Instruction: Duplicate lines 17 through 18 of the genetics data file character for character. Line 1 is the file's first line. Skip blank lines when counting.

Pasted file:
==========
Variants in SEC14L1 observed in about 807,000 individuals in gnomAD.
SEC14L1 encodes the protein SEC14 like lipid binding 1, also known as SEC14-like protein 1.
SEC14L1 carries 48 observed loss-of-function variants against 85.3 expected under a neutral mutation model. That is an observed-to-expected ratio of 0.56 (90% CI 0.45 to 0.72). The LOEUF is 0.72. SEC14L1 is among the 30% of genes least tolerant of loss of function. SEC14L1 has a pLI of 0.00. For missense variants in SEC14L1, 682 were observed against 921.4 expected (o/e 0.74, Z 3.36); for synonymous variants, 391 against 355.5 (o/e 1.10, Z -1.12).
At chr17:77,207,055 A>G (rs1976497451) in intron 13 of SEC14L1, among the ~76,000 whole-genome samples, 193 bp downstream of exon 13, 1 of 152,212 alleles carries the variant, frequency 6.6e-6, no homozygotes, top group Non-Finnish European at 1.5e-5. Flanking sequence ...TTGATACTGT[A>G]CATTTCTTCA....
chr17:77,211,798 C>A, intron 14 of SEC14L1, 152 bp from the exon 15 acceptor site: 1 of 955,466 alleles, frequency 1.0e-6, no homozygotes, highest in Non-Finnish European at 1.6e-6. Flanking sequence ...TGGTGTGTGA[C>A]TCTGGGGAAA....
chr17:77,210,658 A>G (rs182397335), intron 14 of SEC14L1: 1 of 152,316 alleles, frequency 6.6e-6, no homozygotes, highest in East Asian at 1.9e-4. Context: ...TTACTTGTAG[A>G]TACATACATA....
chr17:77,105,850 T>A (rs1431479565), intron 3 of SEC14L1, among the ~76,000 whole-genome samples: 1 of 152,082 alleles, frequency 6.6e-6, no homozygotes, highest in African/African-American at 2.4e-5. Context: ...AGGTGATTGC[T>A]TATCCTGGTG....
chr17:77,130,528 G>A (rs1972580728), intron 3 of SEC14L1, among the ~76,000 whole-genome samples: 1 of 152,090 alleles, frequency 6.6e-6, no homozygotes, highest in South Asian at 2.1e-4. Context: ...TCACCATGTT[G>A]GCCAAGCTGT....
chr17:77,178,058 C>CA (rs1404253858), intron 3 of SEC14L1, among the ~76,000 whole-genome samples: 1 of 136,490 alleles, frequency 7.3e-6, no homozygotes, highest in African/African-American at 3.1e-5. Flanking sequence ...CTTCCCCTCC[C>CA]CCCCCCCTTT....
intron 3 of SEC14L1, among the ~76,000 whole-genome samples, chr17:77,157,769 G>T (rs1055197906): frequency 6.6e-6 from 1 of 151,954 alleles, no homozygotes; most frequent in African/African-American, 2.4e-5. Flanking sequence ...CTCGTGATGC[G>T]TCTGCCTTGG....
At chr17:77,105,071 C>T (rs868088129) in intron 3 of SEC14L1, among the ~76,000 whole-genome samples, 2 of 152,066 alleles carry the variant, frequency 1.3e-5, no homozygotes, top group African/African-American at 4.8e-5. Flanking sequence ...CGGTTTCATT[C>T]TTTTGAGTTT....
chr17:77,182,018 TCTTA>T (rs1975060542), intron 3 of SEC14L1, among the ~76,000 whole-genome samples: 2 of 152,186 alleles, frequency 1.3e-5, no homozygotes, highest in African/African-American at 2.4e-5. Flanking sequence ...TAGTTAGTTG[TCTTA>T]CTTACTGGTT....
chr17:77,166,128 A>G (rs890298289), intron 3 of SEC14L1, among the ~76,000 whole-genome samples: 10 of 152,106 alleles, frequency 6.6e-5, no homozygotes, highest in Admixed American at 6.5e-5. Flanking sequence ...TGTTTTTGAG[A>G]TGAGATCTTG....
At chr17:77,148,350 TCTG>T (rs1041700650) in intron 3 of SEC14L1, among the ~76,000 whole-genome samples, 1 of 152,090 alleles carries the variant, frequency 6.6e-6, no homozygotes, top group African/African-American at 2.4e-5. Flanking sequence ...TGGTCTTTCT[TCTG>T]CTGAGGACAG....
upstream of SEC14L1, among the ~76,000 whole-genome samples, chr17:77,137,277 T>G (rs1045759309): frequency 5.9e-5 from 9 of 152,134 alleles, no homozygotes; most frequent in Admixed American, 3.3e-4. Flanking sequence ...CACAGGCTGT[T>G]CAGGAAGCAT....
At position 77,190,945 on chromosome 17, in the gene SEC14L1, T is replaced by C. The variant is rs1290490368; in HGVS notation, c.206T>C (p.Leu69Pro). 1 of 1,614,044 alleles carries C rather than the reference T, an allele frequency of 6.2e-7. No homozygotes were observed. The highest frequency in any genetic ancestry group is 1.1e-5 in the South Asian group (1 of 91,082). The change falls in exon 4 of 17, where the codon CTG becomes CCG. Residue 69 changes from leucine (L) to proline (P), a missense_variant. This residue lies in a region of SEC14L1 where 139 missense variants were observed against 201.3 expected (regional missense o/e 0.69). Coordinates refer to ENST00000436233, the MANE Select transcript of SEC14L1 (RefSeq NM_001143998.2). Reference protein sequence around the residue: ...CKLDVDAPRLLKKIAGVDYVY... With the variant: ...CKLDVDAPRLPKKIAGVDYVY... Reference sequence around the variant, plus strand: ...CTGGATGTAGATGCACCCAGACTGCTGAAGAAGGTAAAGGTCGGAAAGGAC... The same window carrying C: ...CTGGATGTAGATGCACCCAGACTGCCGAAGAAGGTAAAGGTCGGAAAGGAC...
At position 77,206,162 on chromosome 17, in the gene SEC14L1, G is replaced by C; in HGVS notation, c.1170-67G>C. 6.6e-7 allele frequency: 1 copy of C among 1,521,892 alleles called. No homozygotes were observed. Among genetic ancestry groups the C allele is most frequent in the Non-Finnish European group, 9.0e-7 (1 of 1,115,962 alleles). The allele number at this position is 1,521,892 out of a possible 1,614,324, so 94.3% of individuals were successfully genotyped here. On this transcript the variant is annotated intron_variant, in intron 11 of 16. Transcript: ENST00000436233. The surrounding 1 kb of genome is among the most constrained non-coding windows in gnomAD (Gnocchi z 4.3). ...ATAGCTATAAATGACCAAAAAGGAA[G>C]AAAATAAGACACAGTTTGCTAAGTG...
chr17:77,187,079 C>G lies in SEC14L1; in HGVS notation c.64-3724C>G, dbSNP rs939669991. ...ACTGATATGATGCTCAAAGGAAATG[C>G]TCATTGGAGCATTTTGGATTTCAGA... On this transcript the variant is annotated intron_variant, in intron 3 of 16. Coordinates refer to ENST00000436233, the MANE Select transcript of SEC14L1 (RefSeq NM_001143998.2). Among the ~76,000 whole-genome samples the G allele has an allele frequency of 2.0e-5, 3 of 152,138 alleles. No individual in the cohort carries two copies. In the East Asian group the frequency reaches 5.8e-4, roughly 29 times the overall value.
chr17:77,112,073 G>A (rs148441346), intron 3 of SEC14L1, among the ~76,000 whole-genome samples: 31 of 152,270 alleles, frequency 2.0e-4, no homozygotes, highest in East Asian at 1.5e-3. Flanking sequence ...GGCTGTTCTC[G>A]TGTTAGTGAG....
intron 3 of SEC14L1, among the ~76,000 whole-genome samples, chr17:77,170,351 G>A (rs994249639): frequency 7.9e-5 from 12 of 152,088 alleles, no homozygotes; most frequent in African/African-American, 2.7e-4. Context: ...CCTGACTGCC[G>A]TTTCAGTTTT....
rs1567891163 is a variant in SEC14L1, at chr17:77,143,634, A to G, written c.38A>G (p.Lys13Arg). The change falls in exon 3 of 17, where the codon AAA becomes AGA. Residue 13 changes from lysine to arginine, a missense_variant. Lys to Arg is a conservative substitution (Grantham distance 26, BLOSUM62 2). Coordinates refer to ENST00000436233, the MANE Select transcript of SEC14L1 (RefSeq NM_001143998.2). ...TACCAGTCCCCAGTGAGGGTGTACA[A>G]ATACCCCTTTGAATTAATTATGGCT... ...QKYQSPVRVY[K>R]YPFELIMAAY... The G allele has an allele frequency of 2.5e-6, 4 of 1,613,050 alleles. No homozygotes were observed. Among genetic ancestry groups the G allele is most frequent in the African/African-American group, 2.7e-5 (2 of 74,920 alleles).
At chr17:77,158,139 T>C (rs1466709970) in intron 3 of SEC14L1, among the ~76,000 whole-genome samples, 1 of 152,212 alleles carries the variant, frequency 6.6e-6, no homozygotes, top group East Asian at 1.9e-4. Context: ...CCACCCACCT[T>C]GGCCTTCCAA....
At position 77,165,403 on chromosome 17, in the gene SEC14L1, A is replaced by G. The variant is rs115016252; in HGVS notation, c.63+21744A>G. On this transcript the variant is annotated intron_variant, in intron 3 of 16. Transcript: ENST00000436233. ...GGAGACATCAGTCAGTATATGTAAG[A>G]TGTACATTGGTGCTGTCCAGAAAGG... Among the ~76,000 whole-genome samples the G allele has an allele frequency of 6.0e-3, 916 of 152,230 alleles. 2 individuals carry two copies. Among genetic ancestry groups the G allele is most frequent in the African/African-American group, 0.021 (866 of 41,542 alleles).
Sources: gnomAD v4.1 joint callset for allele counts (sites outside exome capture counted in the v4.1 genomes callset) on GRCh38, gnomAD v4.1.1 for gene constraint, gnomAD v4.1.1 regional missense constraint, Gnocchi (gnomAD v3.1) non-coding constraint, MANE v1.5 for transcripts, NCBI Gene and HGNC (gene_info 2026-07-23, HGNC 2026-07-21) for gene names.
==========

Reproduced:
At position 77,206,162 on chromosome 17, in the gene SEC14L1, G is replaced by C; in HGVS notation, c.1170-67G>C. 6.6e-7 allele frequency: 1 copy of C among 1,521,892 alleles called. No homozygotes were observed. Among genetic ancestry groups the C allele is most frequent in the Non-Finnish European group, 9.0e-7 (1 of 1,115,962 alleles). The allele number at this position is 1,521,892 out of a possible 1,614,324, so 94.3% of individuals were successfully genotyped here. On this transcript the variant is annotated intron_variant, in intron 11 of 16. Transcript: ENST00000436233. The surrounding 1 kb of genome is among the most constrained non-coding windows in gnomAD (Gnocchi z 4.3). ...ATAGCTATAAATGACCAAAAAGGAA[G>C]AAAATAAGACACAGTTTGCTAAGTG...
chr17:77,187,079 C>G lies in SEC14L1; in HGVS notation c.64-3724C>G, dbSNP rs939669991. ...ACTGATATGATGCTCAAAGGAAATG[C>G]TCATTGGAGCATTTTGGATTTCAGA... On this transcript the variant is annotated intron_variant, in intron 3 of 16. Coordinates refer to ENST00000436233, the MANE Select transcript of SEC14L1 (RefSeq NM_001143998.2). Among the ~76,000 whole-genome samples the G allele has an allele frequency of 2.0e-5, 3 of 152,138 alleles. No individual in the cohort carries two copies. In the East Asian group the frequency reaches 5.8e-4, roughly 29 times the overall value.